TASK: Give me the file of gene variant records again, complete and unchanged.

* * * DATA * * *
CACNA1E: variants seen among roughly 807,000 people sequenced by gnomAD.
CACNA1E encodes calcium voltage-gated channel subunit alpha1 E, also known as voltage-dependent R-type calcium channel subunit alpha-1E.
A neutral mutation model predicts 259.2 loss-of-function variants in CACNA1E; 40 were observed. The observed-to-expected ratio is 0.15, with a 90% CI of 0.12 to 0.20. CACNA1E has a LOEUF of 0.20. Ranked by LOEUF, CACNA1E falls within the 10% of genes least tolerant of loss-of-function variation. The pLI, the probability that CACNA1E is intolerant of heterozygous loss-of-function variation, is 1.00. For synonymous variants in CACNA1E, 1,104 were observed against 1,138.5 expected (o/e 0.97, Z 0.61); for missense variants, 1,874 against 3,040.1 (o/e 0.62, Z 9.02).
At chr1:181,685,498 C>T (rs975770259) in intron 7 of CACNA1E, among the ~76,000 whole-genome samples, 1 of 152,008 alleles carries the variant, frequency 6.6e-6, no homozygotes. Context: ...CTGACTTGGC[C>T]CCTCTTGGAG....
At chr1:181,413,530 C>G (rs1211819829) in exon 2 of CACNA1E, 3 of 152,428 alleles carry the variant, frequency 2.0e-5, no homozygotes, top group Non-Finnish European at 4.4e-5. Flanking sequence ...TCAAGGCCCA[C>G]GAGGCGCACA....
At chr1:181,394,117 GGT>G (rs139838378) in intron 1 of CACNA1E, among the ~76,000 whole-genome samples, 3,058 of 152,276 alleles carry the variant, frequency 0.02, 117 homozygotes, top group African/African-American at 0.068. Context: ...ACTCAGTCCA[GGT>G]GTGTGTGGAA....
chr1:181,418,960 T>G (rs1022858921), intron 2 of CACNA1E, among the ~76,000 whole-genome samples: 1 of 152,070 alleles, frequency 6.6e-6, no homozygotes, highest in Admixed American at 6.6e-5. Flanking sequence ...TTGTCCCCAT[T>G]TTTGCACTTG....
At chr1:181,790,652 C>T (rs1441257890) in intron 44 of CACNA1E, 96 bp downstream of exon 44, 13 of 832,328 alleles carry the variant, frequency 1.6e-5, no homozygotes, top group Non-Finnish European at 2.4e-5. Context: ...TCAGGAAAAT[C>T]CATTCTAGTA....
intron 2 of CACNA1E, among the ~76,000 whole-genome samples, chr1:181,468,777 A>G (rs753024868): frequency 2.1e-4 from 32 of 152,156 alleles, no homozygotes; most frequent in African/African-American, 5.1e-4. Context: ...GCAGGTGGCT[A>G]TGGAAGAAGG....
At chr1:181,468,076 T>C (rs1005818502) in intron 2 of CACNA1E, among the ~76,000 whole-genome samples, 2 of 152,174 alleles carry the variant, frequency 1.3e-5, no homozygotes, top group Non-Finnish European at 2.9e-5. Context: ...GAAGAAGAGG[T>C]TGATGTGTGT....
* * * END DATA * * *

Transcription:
CACNA1E: variants seen among roughly 807,000 people sequenced by gnomAD.
CACNA1E encodes calcium voltage-gated channel subunit alpha1 E, also known as voltage-dependent R-type calcium channel subunit alpha-1E.
A neutral mutation model predicts 259.2 loss-of-function variants in CACNA1E; 40 were observed. The observed-to-expected ratio is 0.15, with a 90% CI of 0.12 to 0.20. CACNA1E has a LOEUF of 0.20. Ranked by LOEUF, CACNA1E falls within the 10% of genes least tolerant of loss-of-function variation. The pLI, the probability that CACNA1E is intolerant of heterozygous loss-of-function variation, is 1.00. For synonymous variants in CACNA1E, 1,104 were observed against 1,138.5 expected (o/e 0.97, Z 0.61); for missense variants, 1,874 against 3,040.1 (o/e 0.62, Z 9.02).
At chr1:181,685,498 C>T (rs975770259) in intron 7 of CACNA1E, among the ~76,000 whole-genome samples, 1 of 152,008 alleles carries the variant, frequency 6.6e-6, no homozygotes. Context: ...CTGACTTGGC[C>T]CCTCTTGGAG....
At chr1:181,413,530 C>G (rs1211819829) in exon 2 of CACNA1E, 3 of 152,428 alleles carry the variant, frequency 2.0e-5, no homozygotes, top group Non-Finnish European at 4.4e-5. Flanking sequence ...TCAAGGCCCA[C>G]GAGGCGCACA....
At chr1:181,394,117 GGT>G (rs139838378) in intron 1 of CACNA1E, among the ~76,000 whole-genome samples, 3,058 of 152,276 alleles carry the variant, frequency 0.02, 117 homozygotes, top group African/African-American at 0.068. Context: ...ACTCAGTCCA[GGT>G]GTGTGTGGAA....
chr1:181,418,960 T>G (rs1022858921), intron 2 of CACNA1E, among the ~76,000 whole-genome samples: 1 of 152,070 alleles, frequency 6.6e-6, no homozygotes, highest in Admixed American at 6.6e-5. Flanking sequence ...TTGTCCCCAT[T>G]TTTGCACTTG....
At chr1:181,790,652 C>T (rs1441257890) in intron 44 of CACNA1E, 96 bp downstream of exon 44, 13 of 832,328 alleles carry the variant, frequency 1.6e-5, no homozygotes, top group Non-Finnish European at 2.4e-5. Context: ...TCAGGAAAAT[C>T]CATTCTAGTA....
intron 2 of CACNA1E, among the ~76,000 whole-genome samples, chr1:181,468,777 A>G (rs753024868): frequency 2.1e-4 from 32 of 152,156 alleles, no homozygotes; most frequent in African/African-American, 5.1e-4. Context: ...GCAGGTGGCT[A>G]TGGAAGAAGG....
At chr1:181,468,076 T>C (rs1005818502) in intron 2 of CACNA1E, among the ~76,000 whole-genome samples, 2 of 152,174 alleles carry the variant, frequency 1.3e-5, no homozygotes, top group Non-Finnish European at 2.9e-5. Context: ...GAAGAAGAGG[T>C]TGATGTGTGT....